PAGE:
[cabfpub] Draft CAA motion (2)

Gervase Markham gerv at mozilla.org
Thu Nov 17 14:36:51 UTC 2016

Hi Doug,

On 17/11/16 13:41, Doug Beattie wrote:
> We'd like to avoid a requirement to check every FQDN (and especially
> at the time of issuance)  and check only a higher level FQDN (or
> Domain Name) on a "regular" basis by following an approved,
> documented process.  This will help move failure cases earlier in the
> ordering/validation flow instead of right at time of issuance and
> also allow high volume issuance without needing to insert a CAA check
> into the issuance process.

Thank you for the rationale; that helps. In terms of the volume, I think
the work done earlier and reported on this list demonstrates that CAA
need not be a problem for high volume issuance. So I don't set much
store by that objection. In terms of the place in the flow, you can
check CAA as many times as you like in your flow.

> Example 1: Assume we issue a lot of certificates to
> serialnumber.us.example.com, I'd like to check us.example.com every
> few of days to cover this vs. every fqdn at the time of issuance.  If
> that means a special CAA directive (no-check subdomain or something,
> what was this called?), then that's OK because we can work with the
> small number of customers that need this type of service. I'd like to
> avoid name constrained CAs, special extensions and complicated
> "contractual" requirements.

If all of the issuance is under a particular subdomain (us.example.com),
I would say that a name-constrained sub-CA is the right solution. You
don't say why you'd like to avoid them. As Peter Bowen has recently
pointed out (in m.d.s.policy, I think) it doesn't need to be a complex
process to make one under the current rules.

> I'm a bit concerned that not all DNS systems will allow the creation
> of CAA records, so the proposed solution above might need an
> alternative approach in those cases to allow high volume issuance.
> Rick reported on DNS capabilities a while ago, but I don’t know what
> the current status is.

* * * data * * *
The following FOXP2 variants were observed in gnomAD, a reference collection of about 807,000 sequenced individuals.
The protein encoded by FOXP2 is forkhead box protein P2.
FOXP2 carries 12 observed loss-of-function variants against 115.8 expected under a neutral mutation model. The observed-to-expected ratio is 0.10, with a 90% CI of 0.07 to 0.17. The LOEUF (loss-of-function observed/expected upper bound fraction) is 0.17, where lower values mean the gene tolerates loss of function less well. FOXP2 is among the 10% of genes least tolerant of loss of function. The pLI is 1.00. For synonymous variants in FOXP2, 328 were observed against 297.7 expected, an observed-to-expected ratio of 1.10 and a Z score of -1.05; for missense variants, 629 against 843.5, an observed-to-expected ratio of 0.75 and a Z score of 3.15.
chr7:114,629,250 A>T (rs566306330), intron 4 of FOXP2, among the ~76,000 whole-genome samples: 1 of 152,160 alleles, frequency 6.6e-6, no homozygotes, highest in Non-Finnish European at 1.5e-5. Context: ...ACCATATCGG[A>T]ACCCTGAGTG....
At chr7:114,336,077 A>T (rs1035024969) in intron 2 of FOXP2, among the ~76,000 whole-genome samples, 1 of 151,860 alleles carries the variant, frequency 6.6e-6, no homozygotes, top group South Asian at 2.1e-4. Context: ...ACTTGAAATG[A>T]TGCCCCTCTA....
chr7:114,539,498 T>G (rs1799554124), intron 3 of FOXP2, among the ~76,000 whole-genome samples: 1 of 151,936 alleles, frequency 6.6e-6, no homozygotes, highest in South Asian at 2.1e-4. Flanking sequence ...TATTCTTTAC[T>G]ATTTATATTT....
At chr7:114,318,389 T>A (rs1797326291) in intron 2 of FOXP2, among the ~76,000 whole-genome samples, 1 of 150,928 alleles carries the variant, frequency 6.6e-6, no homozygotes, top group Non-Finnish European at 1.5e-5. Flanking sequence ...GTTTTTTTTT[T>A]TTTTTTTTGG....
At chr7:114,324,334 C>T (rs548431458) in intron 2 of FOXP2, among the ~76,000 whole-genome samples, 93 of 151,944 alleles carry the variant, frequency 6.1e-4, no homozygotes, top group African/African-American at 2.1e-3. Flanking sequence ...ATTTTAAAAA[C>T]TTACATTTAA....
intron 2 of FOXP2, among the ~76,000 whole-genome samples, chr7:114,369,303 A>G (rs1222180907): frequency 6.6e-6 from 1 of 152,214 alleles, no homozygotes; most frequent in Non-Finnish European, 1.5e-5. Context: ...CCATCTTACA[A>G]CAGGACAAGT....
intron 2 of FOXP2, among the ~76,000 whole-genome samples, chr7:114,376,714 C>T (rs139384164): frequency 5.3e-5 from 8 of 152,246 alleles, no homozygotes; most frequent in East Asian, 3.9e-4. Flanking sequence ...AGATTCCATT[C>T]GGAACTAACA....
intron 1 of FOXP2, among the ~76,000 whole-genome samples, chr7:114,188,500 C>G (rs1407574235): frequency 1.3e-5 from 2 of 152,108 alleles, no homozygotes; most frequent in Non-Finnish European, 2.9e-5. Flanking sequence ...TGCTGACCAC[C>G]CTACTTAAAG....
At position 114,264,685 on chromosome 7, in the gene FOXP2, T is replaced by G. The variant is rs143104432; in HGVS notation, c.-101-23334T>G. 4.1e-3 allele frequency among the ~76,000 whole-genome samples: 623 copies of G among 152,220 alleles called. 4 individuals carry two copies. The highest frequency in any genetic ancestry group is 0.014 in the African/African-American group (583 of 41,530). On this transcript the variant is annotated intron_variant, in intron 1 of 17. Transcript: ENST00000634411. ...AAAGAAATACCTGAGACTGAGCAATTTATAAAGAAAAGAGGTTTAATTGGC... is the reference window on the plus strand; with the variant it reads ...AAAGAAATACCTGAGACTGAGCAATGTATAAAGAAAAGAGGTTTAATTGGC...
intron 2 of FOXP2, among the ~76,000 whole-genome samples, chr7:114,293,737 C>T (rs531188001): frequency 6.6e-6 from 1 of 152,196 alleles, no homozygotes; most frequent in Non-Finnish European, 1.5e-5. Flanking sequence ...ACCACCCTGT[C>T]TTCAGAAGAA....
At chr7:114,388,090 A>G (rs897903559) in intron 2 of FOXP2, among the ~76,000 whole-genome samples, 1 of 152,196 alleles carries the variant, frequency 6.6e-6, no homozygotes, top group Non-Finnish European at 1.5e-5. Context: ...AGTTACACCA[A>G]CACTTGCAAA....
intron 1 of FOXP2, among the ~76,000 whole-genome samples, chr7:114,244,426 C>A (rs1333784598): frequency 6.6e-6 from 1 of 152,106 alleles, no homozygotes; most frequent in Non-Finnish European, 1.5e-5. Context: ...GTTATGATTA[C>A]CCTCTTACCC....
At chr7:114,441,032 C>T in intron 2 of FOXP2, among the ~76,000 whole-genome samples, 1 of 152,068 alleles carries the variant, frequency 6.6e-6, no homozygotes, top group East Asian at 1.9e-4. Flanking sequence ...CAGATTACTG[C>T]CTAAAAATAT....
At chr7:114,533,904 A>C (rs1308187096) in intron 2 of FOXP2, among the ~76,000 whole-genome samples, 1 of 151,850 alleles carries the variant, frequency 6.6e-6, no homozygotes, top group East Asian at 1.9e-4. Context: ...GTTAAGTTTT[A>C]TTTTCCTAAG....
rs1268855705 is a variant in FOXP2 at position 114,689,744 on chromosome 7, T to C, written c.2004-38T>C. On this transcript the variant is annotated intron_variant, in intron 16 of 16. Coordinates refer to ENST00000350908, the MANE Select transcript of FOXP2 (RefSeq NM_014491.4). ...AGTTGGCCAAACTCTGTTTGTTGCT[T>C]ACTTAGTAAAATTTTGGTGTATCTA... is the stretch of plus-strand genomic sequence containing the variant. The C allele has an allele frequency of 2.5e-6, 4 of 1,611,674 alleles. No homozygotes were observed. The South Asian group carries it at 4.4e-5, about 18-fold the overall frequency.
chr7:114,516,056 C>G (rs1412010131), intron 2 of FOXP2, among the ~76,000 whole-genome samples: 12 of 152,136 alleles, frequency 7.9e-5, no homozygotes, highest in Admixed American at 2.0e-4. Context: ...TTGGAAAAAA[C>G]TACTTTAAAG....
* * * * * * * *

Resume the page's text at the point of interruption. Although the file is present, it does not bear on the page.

I believe this is true, and that's one reason why the no-check-subdomain
idea is sub-optimal. As you will recall from reading the threads, we
considered that but rejected it because it turned out the problem it
purported to solve (high volume issuance) was not a problem at all.

> Example 2: Retail/reseller ordering process: Check CAA for the
> FQDN(s) when the order data is collected and be able to use that for
> up to 5 days.  If it takes more than 5 days to complete the vetting
> process, then it needs to be checked again prior to issuance.

Why 5 days? This example above seems like the normal case. If you want
to check at order time to make sure there won't be a problem later,
that's fine. You just need to check again at issuance time, or within 1
hour, or within the TTL. A CAA check is very cheap indeed.

> Example 3: Enterprise account: I'd like to propose less restrictive
> checks on enterprise accounts when domain ownership or control is
> performed when the domain is added to the enterprise account, but I
> don’t think anything I would propose here would be accepted.  I'll
> try anyway: If domain ownership is verified by vetting agents and
> added manually (vs. one of the other domain validation methods),
> would it be possible to do CAA checks at the time that domain is
> added and then annually thereafter and skip CAA checks for the
> FQDNs?

No, for all the reasons given previously in this thread :-)

> I'd propose CAA checking at a minimum every 5 days, but in reality
> we'd probably check every day or two and have that data useable for 5
> days to cover error cases when attempting to re-validate it.
> I'd propose soft fail for the first 6 months of this requirement then
> move to hard fail.  That 6-month period of mandatory CAA will surface
> remaining CAA issues and then those can be addressed before hard fail
> is a requirement.  While CAA has been talked about for 5 years, it
> needs some time for heavier use in a permissive mode vs. jumping
> right to hard fail to shake out operational issues.

There will be an implementation date, probably six months from the
ballot passing; if you implement quicker than that, you are welcome to
use soft fail up until the implementation date, and report any problems
you encounter.

We have been talking about this for too long; if CAs wanted experience
with CAA before it was mandatory, the time for doing that was in the
last N years. If it got pushed down the priority list, then clearly the
experience is not all that important after all.


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